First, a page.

Begun in 1781 as a twenty-five-acre annexation known as the Newtown Addition, and since expanded, the Newtown Historic District in Staunton is a large and varied neighborhood whose development spans over a century and a half. On the east, where Newtown joins Staunton’s two commercial historic districts, warehouses coexist with elegant brick houses. The neighborhood’s steep hills are a mix of 19th- and early-20th-century houses with individual examples of late-18th-century architecture such as the Stuart House of 1791. Three girls’ schools were located in the district, of which Stuart Hall School remains. The religious buildings include Trinity Episcopal Church (1855); the chapel of the city’s first African American church, organized in 1865; and several late-19th-century churches. An important but contrasting component of the Newtown Historic District is the romantically landscaped Thornrose Cemetery, filled with Victorian funerary monuments.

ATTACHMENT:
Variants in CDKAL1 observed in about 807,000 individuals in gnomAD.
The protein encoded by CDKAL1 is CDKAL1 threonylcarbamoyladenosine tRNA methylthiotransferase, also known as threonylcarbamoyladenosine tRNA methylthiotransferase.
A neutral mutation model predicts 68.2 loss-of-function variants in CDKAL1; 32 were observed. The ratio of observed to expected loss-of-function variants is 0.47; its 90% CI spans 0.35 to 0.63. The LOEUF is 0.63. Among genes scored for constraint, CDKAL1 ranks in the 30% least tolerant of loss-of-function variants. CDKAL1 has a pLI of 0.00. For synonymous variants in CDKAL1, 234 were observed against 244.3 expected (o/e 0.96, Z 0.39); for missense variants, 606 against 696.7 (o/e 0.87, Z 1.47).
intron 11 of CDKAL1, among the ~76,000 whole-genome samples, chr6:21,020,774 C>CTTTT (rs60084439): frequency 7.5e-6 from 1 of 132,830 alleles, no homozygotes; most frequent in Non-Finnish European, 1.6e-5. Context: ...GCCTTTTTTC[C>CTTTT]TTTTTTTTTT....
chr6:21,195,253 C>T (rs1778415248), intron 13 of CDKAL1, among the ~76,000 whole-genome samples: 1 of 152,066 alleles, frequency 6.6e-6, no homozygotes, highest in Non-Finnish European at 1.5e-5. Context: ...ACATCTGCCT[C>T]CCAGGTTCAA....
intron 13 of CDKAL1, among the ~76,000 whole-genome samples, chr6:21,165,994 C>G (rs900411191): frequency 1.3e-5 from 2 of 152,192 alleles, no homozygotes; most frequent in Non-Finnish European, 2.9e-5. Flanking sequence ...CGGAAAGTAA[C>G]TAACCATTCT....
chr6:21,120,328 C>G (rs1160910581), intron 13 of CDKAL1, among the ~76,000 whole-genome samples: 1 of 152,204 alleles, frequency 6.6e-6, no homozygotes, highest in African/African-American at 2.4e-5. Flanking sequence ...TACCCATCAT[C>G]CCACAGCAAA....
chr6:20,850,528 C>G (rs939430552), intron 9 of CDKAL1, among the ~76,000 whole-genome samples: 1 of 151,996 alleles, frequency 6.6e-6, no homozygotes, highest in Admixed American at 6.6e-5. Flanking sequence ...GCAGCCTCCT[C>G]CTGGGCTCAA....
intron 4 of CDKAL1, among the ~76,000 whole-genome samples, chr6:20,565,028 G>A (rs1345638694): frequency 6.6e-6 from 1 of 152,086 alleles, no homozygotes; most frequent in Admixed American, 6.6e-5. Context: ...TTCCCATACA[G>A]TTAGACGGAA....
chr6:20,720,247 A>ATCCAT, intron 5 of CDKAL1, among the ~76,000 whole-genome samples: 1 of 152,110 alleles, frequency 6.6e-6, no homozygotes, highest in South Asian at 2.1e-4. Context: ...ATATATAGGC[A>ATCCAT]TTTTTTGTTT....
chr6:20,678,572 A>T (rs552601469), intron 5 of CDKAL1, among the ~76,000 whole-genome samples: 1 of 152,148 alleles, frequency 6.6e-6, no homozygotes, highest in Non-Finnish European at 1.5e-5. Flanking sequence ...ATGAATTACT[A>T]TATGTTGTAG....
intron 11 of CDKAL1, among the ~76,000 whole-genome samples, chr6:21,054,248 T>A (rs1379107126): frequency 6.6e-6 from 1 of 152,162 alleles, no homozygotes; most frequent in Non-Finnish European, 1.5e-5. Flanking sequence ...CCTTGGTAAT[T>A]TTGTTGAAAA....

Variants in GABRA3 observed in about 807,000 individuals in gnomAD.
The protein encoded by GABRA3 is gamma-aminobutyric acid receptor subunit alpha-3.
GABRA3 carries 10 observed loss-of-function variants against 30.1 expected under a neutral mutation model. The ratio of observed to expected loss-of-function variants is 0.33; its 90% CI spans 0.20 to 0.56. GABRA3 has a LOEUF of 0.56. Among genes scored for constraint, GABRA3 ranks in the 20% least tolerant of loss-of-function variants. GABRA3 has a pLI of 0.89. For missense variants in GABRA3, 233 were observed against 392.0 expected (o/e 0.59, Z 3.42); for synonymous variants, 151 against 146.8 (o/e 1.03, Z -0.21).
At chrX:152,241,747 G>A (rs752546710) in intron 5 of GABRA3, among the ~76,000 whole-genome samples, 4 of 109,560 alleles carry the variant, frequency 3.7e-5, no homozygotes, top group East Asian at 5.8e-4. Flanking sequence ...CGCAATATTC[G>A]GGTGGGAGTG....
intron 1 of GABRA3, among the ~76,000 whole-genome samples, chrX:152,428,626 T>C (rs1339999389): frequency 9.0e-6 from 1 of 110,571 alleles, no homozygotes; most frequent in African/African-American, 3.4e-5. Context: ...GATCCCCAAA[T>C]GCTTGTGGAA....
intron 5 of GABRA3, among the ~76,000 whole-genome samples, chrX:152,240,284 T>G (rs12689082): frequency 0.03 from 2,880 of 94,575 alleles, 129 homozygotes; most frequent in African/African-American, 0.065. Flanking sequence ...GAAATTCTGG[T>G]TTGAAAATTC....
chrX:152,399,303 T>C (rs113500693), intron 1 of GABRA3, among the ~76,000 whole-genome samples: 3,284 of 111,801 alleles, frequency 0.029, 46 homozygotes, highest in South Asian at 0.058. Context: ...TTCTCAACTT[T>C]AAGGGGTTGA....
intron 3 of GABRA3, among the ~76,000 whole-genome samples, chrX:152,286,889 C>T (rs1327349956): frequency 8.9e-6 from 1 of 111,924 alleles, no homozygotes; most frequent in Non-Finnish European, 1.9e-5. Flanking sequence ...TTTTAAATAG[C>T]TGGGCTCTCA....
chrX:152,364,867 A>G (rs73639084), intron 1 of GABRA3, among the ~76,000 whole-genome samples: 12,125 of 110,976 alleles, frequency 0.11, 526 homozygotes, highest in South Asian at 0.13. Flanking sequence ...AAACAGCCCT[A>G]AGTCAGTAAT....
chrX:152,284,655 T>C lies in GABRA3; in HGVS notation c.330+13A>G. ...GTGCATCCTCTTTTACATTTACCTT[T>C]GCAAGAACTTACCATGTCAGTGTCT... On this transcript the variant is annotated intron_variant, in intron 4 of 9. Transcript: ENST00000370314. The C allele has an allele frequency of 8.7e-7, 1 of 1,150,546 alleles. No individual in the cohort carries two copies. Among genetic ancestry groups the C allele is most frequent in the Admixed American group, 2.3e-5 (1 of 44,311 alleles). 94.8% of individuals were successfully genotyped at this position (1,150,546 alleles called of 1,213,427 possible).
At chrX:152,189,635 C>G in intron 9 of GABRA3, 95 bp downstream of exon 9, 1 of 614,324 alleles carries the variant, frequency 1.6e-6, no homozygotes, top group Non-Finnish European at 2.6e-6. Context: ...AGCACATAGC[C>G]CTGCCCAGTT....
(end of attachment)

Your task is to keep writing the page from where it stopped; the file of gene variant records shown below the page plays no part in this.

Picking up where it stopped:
Many properties listed in the registers are private dwellings and are not open to the public, however many are visible from the public right-of-way. Please be respectful of owner privacy.
VLR: Virginia Landmarks Register
NPS: National Park Service
NRHP: National Register of Historic Places
NHL: National Historic Landmark